As I looked around, I discovered Spinning can actually be a very motivating workout for cyclists of all levels.

The birth of Spinning.

In 1991 John Baudhuin, President and CEO of Mad Dogg Athletics, teamed up with John G, who had spent time training for a cross-country cycling race. He was a new dad at the time and found it hard being away from his family to train. That experience sparked the idea for the Spinner bike and the Spinning program.

Spinning could provide a safe place—away from roads and overly aggressive group riders—to build strength and stamina on the bike.

Now the Spinning program is the global leader in indoor cycling training, education and equipment.

What should you expect at a Spinning class?

Both the equipment and the program are standardized, so you take expect the same format whether you take a class in New York or California. Workouts are 40 minutes long and all classes incorporate music to help motivate and inspire riders.

Basic movements—from seated flats to standing climbs—are used to mimic outdoor riding positions, and instructors use universal cues to prompt their classes for changes in movement and hand position.

Why Spin?

Away from external distractions, Spinning classes allow the rider to focus on the workout, making it a great place to build endurance and confidence on the bike. Spinning® is also an incredibly efficient cycling workout, especially when you’re crunched for time. Who wouldn’t want to…?

  • Burn more calories in less time
  • Squeeze in a high quality workout in under an hour

So, how do you get started?

“Showing up is half the battle,” Anderson says. “Just go through the doors and let the endorphins kick in. The instructors empower you but, as with any good workouts, the real power comes from within. It’s a safe environment, so that allows you to turn up the intensity a bit and challenge yourself.”

The only downside might be the addictive nature of the classes. “Once you start seeing results, that’s what will keep you coming back for more,” Anderson says.

What about those intimidating instructors?

“You are in complete control of your workout,” Anderson says. “The resistance is up to you so it will only be as challenging as you make it.”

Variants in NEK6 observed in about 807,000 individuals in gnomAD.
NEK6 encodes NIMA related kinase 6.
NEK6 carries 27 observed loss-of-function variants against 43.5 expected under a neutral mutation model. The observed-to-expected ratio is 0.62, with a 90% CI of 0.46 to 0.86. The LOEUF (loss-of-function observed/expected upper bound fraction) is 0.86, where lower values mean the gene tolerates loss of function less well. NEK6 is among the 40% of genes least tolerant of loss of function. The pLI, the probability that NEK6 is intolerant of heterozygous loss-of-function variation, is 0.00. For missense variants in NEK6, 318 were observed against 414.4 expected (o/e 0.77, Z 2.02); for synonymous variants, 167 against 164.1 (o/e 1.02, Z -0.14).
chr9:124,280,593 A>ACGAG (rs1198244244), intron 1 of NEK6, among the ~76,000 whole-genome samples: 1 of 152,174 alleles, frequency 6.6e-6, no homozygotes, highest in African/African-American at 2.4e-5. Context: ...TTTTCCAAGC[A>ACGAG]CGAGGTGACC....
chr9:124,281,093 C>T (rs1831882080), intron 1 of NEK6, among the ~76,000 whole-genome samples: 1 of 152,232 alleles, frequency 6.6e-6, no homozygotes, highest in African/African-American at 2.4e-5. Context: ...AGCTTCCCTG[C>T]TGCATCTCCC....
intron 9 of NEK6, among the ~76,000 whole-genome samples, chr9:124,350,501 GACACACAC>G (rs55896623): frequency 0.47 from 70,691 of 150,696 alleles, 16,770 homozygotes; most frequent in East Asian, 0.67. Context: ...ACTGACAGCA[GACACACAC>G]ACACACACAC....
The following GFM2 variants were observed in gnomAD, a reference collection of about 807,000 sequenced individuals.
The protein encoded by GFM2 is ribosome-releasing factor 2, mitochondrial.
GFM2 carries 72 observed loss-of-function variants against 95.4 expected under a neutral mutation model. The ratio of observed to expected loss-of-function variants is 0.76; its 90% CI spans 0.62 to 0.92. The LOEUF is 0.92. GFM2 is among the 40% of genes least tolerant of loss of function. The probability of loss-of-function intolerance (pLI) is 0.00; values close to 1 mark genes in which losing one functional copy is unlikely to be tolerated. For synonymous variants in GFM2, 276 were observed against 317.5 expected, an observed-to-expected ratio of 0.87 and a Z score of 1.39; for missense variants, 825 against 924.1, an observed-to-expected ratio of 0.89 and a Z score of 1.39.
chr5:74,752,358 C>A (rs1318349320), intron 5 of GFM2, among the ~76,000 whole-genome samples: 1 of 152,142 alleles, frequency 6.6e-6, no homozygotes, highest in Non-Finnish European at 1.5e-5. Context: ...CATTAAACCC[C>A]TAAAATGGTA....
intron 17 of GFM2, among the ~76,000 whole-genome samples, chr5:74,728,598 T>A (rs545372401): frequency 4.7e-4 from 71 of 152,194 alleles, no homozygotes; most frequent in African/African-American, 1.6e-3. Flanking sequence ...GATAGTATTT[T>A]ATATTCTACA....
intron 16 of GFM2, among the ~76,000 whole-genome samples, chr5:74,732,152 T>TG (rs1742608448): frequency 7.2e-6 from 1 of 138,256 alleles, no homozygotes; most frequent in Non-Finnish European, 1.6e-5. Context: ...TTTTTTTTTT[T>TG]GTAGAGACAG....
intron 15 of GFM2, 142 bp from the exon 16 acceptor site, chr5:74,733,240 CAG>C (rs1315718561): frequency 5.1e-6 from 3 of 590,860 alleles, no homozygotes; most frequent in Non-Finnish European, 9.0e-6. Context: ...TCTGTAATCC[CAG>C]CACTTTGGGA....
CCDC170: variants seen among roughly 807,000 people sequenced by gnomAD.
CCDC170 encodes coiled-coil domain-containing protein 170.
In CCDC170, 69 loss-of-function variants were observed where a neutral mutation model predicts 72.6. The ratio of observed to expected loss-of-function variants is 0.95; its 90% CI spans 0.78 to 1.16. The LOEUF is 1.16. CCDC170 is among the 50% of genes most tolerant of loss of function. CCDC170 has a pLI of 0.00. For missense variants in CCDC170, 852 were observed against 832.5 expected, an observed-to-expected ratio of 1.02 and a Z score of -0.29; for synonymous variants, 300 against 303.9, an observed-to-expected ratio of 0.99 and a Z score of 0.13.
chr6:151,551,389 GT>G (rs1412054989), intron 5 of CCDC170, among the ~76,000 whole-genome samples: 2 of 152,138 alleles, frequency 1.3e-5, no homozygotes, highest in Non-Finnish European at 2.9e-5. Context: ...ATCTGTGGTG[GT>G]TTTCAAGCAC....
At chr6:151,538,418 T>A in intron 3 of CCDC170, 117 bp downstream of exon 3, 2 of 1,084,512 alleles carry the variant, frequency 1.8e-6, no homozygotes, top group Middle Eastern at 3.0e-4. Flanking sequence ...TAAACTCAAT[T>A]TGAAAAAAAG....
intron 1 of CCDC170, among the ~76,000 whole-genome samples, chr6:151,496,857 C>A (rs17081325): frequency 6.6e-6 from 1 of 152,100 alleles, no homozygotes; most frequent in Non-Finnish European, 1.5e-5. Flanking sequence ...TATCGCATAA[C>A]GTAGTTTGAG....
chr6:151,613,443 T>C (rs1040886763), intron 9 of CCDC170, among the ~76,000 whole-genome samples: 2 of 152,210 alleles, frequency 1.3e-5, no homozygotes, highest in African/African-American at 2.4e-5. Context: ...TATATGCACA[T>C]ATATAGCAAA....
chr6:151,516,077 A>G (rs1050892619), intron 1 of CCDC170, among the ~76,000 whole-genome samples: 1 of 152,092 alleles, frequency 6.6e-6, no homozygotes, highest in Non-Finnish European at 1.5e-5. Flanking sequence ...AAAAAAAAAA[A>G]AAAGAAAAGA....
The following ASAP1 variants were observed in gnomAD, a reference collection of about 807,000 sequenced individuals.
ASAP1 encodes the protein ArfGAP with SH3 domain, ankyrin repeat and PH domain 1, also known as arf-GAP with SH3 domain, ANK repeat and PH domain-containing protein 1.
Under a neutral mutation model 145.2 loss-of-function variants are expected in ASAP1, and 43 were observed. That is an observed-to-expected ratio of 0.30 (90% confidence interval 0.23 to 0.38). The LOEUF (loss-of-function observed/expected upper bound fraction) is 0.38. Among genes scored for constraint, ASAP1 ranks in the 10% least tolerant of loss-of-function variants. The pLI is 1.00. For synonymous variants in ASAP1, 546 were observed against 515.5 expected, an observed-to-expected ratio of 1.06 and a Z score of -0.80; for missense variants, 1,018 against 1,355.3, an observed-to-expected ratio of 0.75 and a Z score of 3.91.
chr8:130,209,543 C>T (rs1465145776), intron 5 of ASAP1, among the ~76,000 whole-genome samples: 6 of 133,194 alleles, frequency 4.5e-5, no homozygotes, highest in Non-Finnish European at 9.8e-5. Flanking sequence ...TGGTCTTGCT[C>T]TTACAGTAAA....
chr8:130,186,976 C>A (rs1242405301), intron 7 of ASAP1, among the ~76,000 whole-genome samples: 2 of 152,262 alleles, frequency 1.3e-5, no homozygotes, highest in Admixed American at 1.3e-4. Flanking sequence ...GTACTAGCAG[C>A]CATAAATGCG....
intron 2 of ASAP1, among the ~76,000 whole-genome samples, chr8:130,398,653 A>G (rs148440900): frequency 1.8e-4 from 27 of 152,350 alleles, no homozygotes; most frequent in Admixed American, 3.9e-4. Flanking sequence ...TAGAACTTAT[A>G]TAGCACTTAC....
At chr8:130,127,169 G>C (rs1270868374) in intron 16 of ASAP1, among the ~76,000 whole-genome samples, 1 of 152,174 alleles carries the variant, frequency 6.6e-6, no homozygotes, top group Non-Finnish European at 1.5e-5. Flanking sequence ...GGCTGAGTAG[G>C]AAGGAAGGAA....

If you need to back off, Anderson suggests lowering the resistance to an easier cadence. She compares it to yoga where practitioners are encouraged to rest in child’s pose if they need a break.

The instructors’ function is to direct and motivate you. So if you’re uncomfortable in a class or feel the pace is not one you care for, you should find a Spinnning class and instructor that suit your individual needs.

Afterward, I discovered Spinning is not my cup of tea but I did see a lot of people really getting into it. So to them I say…Cycle On!”

He’s right, Cycle On!  

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Windchill Effect While Riding a Bicycle

Two days ago I was on a six mile ride at around 6:45 am. It was about 20 degrees Fahrenheit.  Around 4 miles into my ride I noticed my hands were so cold. I started to wonder if my hands were cooler than the air temperature. According to the information below – my hands did feel colder and I wasn’t far off frostbite!

The US Department of Heath and Human Services says,

The Wind Chill index is the temperature your body feels when the air temperature is combined with the wind speed. It is based on the rate of heat loss from exposed skin caused by the effects of wind and cold. As the speed of the wind increases, it can carry heat away from your body much more quickly, causing skin temperature to drop. When there are high winds, serious weather-related health problems are more likely, even when temperatures are only cool.

Here’s a chart from the National Weather Service to help you understand the temperatures your body will be facing while riding.

NWS Windchill Temperature Index

Remember windchill effects while riding. Make sure you keep conscious of frostbite and how easy it can settle in. We don’t want to see anyone loose their fingers or toes! You can read our article here about layering properly.

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Filed under Winter Cycling